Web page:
Adopting reasoning from recent case law in other Commonwealth jurisdictions and in particular Canada, the Cayman Isles and the Isle of Man (with the Privy Council sitting as appellate court thereof) the Royal Court stated:

"In our view the restriction in relation to non-money judgements under English common law (Rule 35 (1) Dicey) should, in its application to this jurisdiction, be amended so as to give the court a discretion... to enforce non-monetary judgements, but, is a discretion to be exercised cautiously".

Importantly the court made it clear that this jurisdiction would not be confined to being exercised in the context of Article 51 of the Trusts (Jersey) Law 1984.

Significant Development

The judgement represents a significant and important development extending the court's inherent jurisdiction to enforce foreign non-monetary judgments in Jersey in appropriate circumstances and it will be interesting to see if the UK and other Commonwealth jurisdictions will adopt this departure from Dicey.

This article first appeared in the winter 2008/09 issue of Appleby Jersey's Resolution newsletter.

The content of this article is intended to provide a general guide to the subject matter. Specialist advice should be sought about your specific circumstances.

To print this article, all you need is to be registered on

Click to Login as an existing user or Register so you can print this article.

In association with
Related Topics
Related Articles
Up-coming Events Search
Font Size:
Mondaq on Twitter
Register for Access and our Free Biweekly Alert for
This service is completely free. Access 250,000 archived articles from 100+ countries and get a personalised email twice a week covering developments (and yes, our lawyers like to think you’ve read our Disclaimer).
Email Address
Company Name
Confirm Password
Mondaq Topics -- Select your Interests
 Law Performance
 Law Practice
 Media & IT
 Real Estate
 Wealth Mgt
Asia Pacific
European Union
Latin America
Middle East
United States
Worldwide Updates
Registration (you must scroll down to set your data preferences)

Mondaq Ltd requires you to register and provide information that personally identifies you, including your content preferences, for three primary purposes (full details of Mondaq’s use of your personal data can be found in our Privacy and Cookies Notice):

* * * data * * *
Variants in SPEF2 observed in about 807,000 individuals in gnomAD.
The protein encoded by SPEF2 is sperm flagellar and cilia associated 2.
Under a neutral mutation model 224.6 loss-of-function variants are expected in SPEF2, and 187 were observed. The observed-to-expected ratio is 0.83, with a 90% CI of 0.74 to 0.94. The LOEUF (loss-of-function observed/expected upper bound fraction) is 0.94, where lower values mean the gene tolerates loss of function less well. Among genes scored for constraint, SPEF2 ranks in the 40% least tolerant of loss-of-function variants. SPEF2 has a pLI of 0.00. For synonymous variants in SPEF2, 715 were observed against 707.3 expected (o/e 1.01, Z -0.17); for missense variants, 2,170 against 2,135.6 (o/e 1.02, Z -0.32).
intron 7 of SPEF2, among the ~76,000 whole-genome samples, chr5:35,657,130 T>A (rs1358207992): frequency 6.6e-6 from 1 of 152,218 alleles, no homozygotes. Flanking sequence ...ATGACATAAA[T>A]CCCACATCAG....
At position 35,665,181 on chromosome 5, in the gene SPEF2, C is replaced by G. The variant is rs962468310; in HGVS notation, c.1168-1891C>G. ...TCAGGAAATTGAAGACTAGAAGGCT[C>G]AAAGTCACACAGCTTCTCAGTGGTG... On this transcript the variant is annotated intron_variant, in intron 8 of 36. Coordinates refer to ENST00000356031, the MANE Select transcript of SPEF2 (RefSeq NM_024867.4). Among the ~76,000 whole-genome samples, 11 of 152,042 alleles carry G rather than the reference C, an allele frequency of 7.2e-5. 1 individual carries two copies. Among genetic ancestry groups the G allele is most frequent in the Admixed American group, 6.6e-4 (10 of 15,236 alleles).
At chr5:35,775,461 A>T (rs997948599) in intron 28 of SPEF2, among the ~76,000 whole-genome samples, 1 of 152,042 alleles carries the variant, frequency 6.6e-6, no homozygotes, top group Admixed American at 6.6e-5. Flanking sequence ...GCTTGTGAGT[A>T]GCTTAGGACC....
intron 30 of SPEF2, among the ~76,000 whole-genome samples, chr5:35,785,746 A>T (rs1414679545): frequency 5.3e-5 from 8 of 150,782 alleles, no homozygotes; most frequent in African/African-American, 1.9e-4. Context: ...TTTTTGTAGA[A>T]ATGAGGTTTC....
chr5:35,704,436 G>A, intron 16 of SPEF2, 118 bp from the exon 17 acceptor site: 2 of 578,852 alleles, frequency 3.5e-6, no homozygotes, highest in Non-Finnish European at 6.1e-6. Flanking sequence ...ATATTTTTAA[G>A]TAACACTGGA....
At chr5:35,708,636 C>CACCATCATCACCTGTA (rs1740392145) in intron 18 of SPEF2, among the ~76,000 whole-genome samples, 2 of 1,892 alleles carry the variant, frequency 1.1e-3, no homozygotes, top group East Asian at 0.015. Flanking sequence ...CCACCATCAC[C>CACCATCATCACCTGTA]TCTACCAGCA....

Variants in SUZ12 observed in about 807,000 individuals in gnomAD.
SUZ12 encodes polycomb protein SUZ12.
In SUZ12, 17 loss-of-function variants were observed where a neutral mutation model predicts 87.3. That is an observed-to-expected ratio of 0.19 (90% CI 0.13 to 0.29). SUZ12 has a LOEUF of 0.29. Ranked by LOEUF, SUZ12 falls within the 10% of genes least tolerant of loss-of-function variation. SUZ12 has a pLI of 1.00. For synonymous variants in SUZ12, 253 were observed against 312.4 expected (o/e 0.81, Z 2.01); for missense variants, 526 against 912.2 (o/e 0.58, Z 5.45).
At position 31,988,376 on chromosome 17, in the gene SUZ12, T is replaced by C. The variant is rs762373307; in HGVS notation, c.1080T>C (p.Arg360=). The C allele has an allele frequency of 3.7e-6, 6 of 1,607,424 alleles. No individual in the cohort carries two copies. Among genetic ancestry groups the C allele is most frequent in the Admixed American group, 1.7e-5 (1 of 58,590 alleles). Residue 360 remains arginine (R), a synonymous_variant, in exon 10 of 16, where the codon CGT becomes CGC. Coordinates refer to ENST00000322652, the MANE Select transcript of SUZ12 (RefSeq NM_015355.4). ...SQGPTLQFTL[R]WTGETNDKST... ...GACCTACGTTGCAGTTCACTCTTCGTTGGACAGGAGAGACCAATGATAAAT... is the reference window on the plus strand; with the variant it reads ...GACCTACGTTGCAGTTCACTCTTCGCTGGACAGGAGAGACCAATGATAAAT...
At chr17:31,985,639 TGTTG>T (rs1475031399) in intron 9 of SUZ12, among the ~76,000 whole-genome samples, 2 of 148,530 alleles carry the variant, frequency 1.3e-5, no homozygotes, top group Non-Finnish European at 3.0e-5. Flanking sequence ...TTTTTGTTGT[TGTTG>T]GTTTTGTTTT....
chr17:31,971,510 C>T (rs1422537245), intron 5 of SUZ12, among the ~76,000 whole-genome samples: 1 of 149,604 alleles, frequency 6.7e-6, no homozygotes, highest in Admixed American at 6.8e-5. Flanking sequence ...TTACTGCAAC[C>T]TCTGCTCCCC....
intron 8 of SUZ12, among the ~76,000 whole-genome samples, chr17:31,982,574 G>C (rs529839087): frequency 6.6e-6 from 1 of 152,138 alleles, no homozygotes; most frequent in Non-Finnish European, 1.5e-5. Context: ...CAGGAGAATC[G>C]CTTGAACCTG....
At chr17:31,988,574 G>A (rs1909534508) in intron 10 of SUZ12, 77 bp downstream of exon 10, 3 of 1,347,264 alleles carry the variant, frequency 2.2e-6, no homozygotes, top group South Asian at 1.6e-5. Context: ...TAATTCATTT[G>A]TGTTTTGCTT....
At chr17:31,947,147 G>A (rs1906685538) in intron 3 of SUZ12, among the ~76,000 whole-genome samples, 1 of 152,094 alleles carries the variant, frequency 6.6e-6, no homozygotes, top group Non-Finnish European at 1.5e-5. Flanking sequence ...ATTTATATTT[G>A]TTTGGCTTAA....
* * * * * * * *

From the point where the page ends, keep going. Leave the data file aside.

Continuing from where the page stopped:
• To allow you to personalize the Mondaq websites you are visiting to show content ("Content") relevant to your interests.
  • To enable features such as password reminder, news alerts, email a colleague, and linking from Mondaq (and its affiliate sites) to your website.
  • To produce demographic feedback for our content providers ("Contributors") who contribute Content for free for your use.

Mondaq hopes that our registered users will support us in maintaining our free to view business model by consenting to our use of your personal data as described below.

Mondaq has a "free to view" business model. Our services are paid for by Contributors in exchange for Mondaq providing them with access to information about who accesses their content. Once personal data is transferred to our Contributors they become a data controller of this personal data. They use it to measure the response that their articles are receiving, as a form of market research. They may also use it to provide Mondaq users with information about their products and services.

Details of each Contributor to which your personal data will be transferred is clearly stated within the Content that you access. For full details of how this Contributor will use your personal data, you should review the Contributor’s own Privacy Notice.

Please indicate your preference below:

Yes, I am happy to support Mondaq in maintaining its free to view business model by agreeing to allow Mondaq to share my personal data with Contributors whose Content I access
No, I do not want Mondaq to share my personal data with Contributors